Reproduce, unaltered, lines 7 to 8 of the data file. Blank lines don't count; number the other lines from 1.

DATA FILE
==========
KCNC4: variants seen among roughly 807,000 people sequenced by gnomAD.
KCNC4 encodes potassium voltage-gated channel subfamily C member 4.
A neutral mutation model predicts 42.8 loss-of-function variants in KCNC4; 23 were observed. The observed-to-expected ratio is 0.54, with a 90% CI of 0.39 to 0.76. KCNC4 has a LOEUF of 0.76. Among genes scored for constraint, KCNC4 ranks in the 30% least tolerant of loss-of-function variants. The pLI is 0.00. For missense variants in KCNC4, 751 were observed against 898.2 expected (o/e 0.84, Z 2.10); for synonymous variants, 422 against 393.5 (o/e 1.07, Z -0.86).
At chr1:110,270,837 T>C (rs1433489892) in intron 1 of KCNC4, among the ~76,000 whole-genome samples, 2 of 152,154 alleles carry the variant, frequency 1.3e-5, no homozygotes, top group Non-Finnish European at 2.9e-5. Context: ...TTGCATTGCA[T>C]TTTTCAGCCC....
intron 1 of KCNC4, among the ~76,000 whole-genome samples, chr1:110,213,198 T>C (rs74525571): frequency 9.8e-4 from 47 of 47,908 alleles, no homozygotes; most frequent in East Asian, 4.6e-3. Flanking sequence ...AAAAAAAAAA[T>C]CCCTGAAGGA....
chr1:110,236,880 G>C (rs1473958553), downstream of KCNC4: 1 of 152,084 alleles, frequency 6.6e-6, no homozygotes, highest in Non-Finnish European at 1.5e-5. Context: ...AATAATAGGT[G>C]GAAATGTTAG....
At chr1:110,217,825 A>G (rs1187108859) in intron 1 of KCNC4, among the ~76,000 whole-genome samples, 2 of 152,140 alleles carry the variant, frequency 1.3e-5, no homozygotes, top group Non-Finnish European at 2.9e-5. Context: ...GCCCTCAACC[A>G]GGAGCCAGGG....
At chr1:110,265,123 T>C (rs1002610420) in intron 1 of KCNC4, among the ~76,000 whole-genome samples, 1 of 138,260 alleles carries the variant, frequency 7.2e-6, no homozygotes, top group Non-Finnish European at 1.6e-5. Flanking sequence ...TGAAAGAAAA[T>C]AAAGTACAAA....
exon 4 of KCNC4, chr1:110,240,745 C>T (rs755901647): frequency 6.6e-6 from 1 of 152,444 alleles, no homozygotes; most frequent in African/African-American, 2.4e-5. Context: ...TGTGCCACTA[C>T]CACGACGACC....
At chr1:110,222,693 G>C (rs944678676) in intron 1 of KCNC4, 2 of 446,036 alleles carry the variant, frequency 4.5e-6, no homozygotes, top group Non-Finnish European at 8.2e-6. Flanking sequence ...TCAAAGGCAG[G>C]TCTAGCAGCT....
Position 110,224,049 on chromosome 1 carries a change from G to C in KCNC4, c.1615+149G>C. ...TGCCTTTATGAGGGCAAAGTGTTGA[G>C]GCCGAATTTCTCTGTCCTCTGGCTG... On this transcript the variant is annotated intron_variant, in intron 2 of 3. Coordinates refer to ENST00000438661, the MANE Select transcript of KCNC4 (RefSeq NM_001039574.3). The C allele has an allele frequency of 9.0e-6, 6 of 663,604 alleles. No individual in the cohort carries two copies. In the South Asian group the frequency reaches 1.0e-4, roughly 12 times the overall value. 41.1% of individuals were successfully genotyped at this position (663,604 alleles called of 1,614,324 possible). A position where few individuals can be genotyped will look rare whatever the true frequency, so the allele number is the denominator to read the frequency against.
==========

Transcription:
At chr1:110,217,825 A>G (rs1187108859) in intron 1 of KCNC4, among the ~76,000 whole-genome samples, 2 of 152,140 alleles carry the variant, frequency 1.3e-5, no homozygotes, top group Non-Finnish European at 2.9e-5. Context: ...GCCCTCAACC[A>G]GGAGCCAGGG....
At chr1:110,265,123 T>C (rs1002610420) in intron 1 of KCNC4, among the ~76,000 whole-genome samples, 1 of 138,260 alleles carries the variant, frequency 7.2e-6, no homozygotes, top group Non-Finnish European at 1.6e-5. Flanking sequence ...TGAAAGAAAA[T>C]AAAGTACAAA....